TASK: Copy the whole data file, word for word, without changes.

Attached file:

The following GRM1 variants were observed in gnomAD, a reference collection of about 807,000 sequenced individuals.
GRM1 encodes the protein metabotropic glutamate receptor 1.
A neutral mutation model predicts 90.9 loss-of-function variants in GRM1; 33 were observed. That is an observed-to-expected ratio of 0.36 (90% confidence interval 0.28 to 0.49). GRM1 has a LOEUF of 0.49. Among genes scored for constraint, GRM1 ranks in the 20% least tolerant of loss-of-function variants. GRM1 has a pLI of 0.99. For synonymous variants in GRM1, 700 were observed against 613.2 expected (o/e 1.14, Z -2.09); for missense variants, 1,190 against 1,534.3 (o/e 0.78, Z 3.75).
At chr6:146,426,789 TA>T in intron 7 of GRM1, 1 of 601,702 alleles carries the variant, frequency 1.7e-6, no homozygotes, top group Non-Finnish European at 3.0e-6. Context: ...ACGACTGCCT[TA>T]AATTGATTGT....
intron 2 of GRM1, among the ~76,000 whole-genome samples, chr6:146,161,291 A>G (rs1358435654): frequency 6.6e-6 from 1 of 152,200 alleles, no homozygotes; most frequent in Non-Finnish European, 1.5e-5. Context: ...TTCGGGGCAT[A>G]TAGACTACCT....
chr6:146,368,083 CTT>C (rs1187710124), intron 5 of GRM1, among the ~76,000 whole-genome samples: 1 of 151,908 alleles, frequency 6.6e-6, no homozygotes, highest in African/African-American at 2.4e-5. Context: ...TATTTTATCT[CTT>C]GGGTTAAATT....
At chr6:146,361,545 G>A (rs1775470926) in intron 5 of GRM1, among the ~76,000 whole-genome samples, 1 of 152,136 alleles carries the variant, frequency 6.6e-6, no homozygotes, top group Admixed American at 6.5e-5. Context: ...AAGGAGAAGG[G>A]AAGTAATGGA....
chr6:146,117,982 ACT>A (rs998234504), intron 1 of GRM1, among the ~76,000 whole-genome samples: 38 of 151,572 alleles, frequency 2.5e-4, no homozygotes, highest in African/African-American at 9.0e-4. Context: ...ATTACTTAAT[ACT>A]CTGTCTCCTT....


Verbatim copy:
The following GRM1 variants were observed in gnomAD, a reference collection of about 807,000 sequenced individuals.
GRM1 encodes the protein metabotropic glutamate receptor 1.
A neutral mutation model predicts 90.9 loss-of-function variants in GRM1; 33 were observed. That is an observed-to-expected ratio of 0.36 (90% confidence interval 0.28 to 0.49). GRM1 has a LOEUF of 0.49. Among genes scored for constraint, GRM1 ranks in the 20% least tolerant of loss-of-function variants. GRM1 has a pLI of 0.99. For synonymous variants in GRM1, 700 were observed against 613.2 expected (o/e 1.14, Z -2.09); for missense variants, 1,190 against 1,534.3 (o/e 0.78, Z 3.75).
At chr6:146,426,789 TA>T in intron 7 of GRM1, 1 of 601,702 alleles carries the variant, frequency 1.7e-6, no homozygotes, top group Non-Finnish European at 3.0e-6. Context: ...ACGACTGCCT[TA>T]AATTGATTGT....
intron 2 of GRM1, among the ~76,000 whole-genome samples, chr6:146,161,291 A>G (rs1358435654): frequency 6.6e-6 from 1 of 152,200 alleles, no homozygotes; most frequent in Non-Finnish European, 1.5e-5. Context: ...TTCGGGGCAT[A>G]TAGACTACCT....
chr6:146,368,083 CTT>C (rs1187710124), intron 5 of GRM1, among the ~76,000 whole-genome samples: 1 of 151,908 alleles, frequency 6.6e-6, no homozygotes, highest in African/African-American at 2.4e-5. Context: ...TATTTTATCT[CTT>C]GGGTTAAATT....
At chr6:146,361,545 G>A (rs1775470926) in intron 5 of GRM1, among the ~76,000 whole-genome samples, 1 of 152,136 alleles carries the variant, frequency 6.6e-6, no homozygotes, top group Admixed American at 6.5e-5. Context: ...AAGGAGAAGG[G>A]AAGTAATGGA....
chr6:146,117,982 ACT>A (rs998234504), intron 1 of GRM1, among the ~76,000 whole-genome samples: 38 of 151,572 alleles, frequency 2.5e-4, no homozygotes, highest in African/African-American at 9.0e-4. Context: ...ATTACTTAAT[ACT>A]CTGTCTCCTT....